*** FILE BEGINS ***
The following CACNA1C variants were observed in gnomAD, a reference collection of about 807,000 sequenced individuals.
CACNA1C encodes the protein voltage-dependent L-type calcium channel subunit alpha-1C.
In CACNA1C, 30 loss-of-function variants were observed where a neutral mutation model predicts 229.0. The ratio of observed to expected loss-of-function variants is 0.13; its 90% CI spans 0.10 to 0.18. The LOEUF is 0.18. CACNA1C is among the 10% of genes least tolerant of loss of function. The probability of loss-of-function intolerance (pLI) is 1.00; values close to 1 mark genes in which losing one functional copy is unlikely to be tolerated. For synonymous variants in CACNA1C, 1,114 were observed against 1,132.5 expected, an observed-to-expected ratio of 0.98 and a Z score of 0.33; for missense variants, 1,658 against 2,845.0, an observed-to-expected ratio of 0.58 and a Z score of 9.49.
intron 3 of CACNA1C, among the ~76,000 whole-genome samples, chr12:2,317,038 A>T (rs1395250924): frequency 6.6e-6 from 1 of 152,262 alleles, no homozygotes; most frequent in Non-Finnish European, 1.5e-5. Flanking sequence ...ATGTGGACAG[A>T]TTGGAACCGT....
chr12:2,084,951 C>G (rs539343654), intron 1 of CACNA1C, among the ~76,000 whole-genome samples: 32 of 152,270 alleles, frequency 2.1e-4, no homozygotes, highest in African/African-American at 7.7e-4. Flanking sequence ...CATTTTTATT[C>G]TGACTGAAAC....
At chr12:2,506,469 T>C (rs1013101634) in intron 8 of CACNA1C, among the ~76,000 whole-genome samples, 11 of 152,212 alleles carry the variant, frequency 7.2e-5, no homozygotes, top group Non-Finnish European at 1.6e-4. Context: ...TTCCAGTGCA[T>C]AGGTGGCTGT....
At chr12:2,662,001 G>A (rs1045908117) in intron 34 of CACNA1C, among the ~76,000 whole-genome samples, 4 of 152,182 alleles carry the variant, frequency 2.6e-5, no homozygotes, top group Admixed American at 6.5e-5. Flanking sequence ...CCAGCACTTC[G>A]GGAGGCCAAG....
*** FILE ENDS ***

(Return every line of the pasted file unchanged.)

The following CACNA1C variants were observed in gnomAD, a reference collection of about 807,000 sequenced individuals.
CACNA1C encodes the protein voltage-dependent L-type calcium channel subunit alpha-1C.
In CACNA1C, 30 loss-of-function variants were observed where a neutral mutation model predicts 229.0. The ratio of observed to expected loss-of-function variants is 0.13; its 90% CI spans 0.10 to 0.18. The LOEUF is 0.18. CACNA1C is among the 10% of genes least tolerant of loss of function. The probability of loss-of-function intolerance (pLI) is 1.00; values close to 1 mark genes in which losing one functional copy is unlikely to be tolerated. For synonymous variants in CACNA1C, 1,114 were observed against 1,132.5 expected, an observed-to-expected ratio of 0.98 and a Z score of 0.33; for missense variants, 1,658 against 2,845.0, an observed-to-expected ratio of 0.58 and a Z score of 9.49.
intron 3 of CACNA1C, among the ~76,000 whole-genome samples, chr12:2,317,038 A>T (rs1395250924): frequency 6.6e-6 from 1 of 152,262 alleles, no homozygotes; most frequent in Non-Finnish European, 1.5e-5. Flanking sequence ...ATGTGGACAG[A>T]TTGGAACCGT....
chr12:2,084,951 C>G (rs539343654), intron 1 of CACNA1C, among the ~76,000 whole-genome samples: 32 of 152,270 alleles, frequency 2.1e-4, no homozygotes, highest in African/African-American at 7.7e-4. Flanking sequence ...CATTTTTATT[C>G]TGACTGAAAC....
At chr12:2,506,469 T>C (rs1013101634) in intron 8 of CACNA1C, among the ~76,000 whole-genome samples, 11 of 152,212 alleles carry the variant, frequency 7.2e-5, no homozygotes, top group Non-Finnish European at 1.6e-4. Context: ...TTCCAGTGCA[T>C]AGGTGGCTGT....
At chr12:2,662,001 G>A (rs1045908117) in intron 34 of CACNA1C, among the ~76,000 whole-genome samples, 4 of 152,182 alleles carry the variant, frequency 2.6e-5, no homozygotes, top group Admixed American at 6.5e-5. Flanking sequence ...CCAGCACTTC[G>A]GGAGGCCAAG....